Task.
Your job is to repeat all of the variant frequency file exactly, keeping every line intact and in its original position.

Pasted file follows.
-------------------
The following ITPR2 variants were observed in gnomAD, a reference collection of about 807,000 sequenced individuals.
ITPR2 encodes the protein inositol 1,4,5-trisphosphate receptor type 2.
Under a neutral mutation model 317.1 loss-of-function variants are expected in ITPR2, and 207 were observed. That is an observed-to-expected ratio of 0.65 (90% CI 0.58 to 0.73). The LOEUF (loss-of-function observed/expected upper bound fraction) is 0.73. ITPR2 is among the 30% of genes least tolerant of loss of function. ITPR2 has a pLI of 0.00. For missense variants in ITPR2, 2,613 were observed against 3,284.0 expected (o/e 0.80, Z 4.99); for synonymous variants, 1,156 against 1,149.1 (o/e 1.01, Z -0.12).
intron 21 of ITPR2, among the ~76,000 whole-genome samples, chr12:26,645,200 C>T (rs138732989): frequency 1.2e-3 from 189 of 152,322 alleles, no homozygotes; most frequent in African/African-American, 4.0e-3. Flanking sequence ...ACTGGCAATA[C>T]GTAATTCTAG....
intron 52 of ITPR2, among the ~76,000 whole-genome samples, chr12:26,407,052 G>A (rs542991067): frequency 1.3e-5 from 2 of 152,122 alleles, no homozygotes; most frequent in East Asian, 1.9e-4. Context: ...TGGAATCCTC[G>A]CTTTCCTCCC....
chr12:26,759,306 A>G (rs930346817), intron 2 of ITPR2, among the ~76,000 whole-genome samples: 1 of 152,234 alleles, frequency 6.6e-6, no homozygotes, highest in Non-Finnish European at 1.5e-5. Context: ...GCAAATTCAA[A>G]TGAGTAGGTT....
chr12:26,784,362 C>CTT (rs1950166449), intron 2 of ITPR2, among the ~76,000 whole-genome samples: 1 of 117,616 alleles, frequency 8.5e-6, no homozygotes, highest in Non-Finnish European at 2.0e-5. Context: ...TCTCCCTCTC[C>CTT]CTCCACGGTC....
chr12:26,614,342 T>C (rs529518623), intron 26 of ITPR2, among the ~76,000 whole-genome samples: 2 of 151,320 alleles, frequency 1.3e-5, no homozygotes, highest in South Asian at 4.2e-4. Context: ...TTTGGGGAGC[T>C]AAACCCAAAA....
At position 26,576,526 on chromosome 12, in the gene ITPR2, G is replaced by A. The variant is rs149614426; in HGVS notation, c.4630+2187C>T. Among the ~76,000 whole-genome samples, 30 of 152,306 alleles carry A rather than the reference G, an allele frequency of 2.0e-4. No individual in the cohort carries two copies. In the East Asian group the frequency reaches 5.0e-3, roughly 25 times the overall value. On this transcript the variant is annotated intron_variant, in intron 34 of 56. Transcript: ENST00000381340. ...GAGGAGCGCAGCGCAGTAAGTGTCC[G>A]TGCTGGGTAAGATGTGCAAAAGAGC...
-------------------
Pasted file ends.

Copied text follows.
The following ITPR2 variants were observed in gnomAD, a reference collection of about 807,000 sequenced individuals.
ITPR2 encodes the protein inositol 1,4,5-trisphosphate receptor type 2.
Under a neutral mutation model 317.1 loss-of-function variants are expected in ITPR2, and 207 were observed. That is an observed-to-expected ratio of 0.65 (90% CI 0.58 to 0.73). The LOEUF (loss-of-function observed/expected upper bound fraction) is 0.73. ITPR2 is among the 30% of genes least tolerant of loss of function. ITPR2 has a pLI of 0.00. For missense variants in ITPR2, 2,613 were observed against 3,284.0 expected (o/e 0.80, Z 4.99); for synonymous variants, 1,156 against 1,149.1 (o/e 1.01, Z -0.12).
intron 21 of ITPR2, among the ~76,000 whole-genome samples, chr12:26,645,200 C>T (rs138732989): frequency 1.2e-3 from 189 of 152,322 alleles, no homozygotes; most frequent in African/African-American, 4.0e-3. Flanking sequence ...ACTGGCAATA[C>T]GTAATTCTAG....
intron 52 of ITPR2, among the ~76,000 whole-genome samples, chr12:26,407,052 G>A (rs542991067): frequency 1.3e-5 from 2 of 152,122 alleles, no homozygotes; most frequent in East Asian, 1.9e-4. Context: ...TGGAATCCTC[G>A]CTTTCCTCCC....
chr12:26,759,306 A>G (rs930346817), intron 2 of ITPR2, among the ~76,000 whole-genome samples: 1 of 152,234 alleles, frequency 6.6e-6, no homozygotes, highest in Non-Finnish European at 1.5e-5. Context: ...GCAAATTCAA[A>G]TGAGTAGGTT....
chr12:26,784,362 C>CTT (rs1950166449), intron 2 of ITPR2, among the ~76,000 whole-genome samples: 1 of 117,616 alleles, frequency 8.5e-6, no homozygotes, highest in Non-Finnish European at 2.0e-5. Context: ...TCTCCCTCTC[C>CTT]CTCCACGGTC....
chr12:26,614,342 T>C (rs529518623), intron 26 of ITPR2, among the ~76,000 whole-genome samples: 2 of 151,320 alleles, frequency 1.3e-5, no homozygotes, highest in South Asian at 4.2e-4. Context: ...TTTGGGGAGC[T>C]AAACCCAAAA....
At position 26,576,526 on chromosome 12, in the gene ITPR2, G is replaced by A. The variant is rs149614426; in HGVS notation, c.4630+2187C>T. Among the ~76,000 whole-genome samples, 30 of 152,306 alleles carry A rather than the reference G, an allele frequency of 2.0e-4. No individual in the cohort carries two copies. In the East Asian group the frequency reaches 5.0e-3, roughly 25 times the overall value. On this transcript the variant is annotated intron_variant, in intron 34 of 56. Transcript: ENST00000381340. ...GAGGAGCGCAGCGCAGTAAGTGTCC[G>A]TGCTGGGTAAGATGTGCAAAAGAGC...